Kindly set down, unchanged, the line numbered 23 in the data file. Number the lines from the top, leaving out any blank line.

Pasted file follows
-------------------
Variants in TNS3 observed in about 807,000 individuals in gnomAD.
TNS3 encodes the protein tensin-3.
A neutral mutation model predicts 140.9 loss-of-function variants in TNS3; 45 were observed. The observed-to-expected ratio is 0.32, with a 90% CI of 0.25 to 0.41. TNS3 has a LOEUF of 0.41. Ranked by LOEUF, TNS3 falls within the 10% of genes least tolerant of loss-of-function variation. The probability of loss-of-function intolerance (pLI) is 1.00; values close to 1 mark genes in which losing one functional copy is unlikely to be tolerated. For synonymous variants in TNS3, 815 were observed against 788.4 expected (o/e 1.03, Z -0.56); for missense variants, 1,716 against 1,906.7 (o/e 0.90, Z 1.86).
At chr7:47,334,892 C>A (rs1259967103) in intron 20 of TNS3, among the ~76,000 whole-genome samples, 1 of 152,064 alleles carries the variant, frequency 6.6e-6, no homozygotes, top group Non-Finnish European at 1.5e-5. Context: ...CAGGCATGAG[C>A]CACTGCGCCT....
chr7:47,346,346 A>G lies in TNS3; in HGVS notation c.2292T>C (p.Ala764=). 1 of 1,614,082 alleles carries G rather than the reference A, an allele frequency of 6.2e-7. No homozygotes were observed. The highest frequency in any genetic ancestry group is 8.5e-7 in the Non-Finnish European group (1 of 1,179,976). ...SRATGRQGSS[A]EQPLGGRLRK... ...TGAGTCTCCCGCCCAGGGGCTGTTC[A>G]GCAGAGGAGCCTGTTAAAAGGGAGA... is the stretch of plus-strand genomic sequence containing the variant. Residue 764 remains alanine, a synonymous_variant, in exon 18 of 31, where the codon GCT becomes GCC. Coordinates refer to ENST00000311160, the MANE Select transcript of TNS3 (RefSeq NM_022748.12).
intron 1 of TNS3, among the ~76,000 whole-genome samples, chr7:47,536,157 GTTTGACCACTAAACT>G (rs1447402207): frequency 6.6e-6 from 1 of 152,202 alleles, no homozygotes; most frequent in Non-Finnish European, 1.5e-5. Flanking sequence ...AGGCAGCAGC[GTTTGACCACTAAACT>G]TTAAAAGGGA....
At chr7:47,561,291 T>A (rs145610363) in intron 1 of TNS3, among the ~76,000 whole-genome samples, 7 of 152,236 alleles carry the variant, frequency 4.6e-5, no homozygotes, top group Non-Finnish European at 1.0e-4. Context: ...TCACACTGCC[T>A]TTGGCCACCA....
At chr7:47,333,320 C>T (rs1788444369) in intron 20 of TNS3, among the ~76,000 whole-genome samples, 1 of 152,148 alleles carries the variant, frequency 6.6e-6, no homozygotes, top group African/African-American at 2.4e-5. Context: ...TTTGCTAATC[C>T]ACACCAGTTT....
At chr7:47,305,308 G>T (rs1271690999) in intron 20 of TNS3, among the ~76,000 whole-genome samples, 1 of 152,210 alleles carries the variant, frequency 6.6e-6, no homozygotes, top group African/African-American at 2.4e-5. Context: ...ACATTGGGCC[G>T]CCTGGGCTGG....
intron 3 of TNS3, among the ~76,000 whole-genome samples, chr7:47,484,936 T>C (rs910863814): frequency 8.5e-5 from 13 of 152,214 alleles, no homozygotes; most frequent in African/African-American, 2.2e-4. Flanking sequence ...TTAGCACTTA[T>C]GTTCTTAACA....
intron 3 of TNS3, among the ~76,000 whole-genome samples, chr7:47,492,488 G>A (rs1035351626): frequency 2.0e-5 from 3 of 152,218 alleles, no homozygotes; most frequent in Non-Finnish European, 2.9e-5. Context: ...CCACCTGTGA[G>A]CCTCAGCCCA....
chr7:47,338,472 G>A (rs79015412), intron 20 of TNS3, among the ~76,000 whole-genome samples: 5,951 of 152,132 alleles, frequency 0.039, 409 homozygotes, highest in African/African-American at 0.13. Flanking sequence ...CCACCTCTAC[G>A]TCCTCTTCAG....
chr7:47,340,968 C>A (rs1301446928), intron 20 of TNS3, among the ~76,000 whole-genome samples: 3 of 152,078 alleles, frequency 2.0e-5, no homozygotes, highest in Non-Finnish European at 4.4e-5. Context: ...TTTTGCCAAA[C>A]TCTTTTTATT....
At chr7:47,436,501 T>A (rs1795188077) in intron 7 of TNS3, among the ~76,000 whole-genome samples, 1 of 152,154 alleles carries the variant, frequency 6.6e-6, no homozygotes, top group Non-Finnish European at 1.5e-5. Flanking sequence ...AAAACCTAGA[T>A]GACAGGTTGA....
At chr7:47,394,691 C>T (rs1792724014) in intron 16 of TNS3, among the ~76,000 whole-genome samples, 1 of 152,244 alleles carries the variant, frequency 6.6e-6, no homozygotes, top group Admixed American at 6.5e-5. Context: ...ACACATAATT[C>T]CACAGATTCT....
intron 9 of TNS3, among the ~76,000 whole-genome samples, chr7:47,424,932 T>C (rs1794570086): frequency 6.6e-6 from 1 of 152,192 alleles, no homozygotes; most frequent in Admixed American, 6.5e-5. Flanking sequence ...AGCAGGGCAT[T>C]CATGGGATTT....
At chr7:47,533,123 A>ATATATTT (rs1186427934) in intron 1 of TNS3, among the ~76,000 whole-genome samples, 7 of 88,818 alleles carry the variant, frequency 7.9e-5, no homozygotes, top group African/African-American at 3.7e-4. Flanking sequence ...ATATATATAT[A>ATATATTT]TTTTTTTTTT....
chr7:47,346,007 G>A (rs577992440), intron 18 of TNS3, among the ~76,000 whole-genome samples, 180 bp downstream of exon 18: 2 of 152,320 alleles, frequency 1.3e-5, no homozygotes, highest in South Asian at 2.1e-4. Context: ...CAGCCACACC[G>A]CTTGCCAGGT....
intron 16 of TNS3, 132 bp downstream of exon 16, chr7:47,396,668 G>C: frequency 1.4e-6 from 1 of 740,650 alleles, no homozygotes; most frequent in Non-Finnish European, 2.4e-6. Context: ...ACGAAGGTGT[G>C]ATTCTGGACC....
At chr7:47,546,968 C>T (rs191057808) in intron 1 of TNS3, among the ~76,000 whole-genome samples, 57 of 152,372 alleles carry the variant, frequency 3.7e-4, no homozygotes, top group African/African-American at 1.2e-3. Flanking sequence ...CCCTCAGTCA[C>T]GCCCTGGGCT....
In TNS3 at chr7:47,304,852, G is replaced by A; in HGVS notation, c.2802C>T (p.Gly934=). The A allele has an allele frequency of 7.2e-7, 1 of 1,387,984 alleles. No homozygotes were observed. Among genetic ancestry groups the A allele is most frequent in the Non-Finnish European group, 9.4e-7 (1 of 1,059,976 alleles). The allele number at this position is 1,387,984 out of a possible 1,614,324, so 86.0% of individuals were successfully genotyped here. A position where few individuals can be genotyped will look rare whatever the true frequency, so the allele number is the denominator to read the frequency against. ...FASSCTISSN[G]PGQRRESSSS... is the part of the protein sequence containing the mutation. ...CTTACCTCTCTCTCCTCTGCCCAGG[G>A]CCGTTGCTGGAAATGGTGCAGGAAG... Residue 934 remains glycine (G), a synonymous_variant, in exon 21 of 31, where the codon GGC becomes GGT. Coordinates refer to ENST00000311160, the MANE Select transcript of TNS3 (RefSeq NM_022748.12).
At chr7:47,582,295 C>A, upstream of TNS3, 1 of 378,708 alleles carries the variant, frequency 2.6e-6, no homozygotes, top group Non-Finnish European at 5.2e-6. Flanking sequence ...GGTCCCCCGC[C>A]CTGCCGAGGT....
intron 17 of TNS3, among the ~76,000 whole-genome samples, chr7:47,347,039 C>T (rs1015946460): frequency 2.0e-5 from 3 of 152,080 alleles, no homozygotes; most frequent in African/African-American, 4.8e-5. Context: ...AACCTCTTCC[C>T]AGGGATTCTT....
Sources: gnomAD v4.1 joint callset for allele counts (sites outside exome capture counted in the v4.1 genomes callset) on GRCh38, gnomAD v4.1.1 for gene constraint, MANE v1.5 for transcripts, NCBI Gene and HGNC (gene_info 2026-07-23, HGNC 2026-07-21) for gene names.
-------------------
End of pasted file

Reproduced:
intron 17 of TNS3, among the ~76,000 whole-genome samples, chr7:47,347,039 C>T (rs1015946460): frequency 2.0e-5 from 3 of 152,080 alleles, no homozygotes; most frequent in African/African-American, 4.8e-5. Context: ...AACCTCTTCC[C>T]AGGGATTCTT....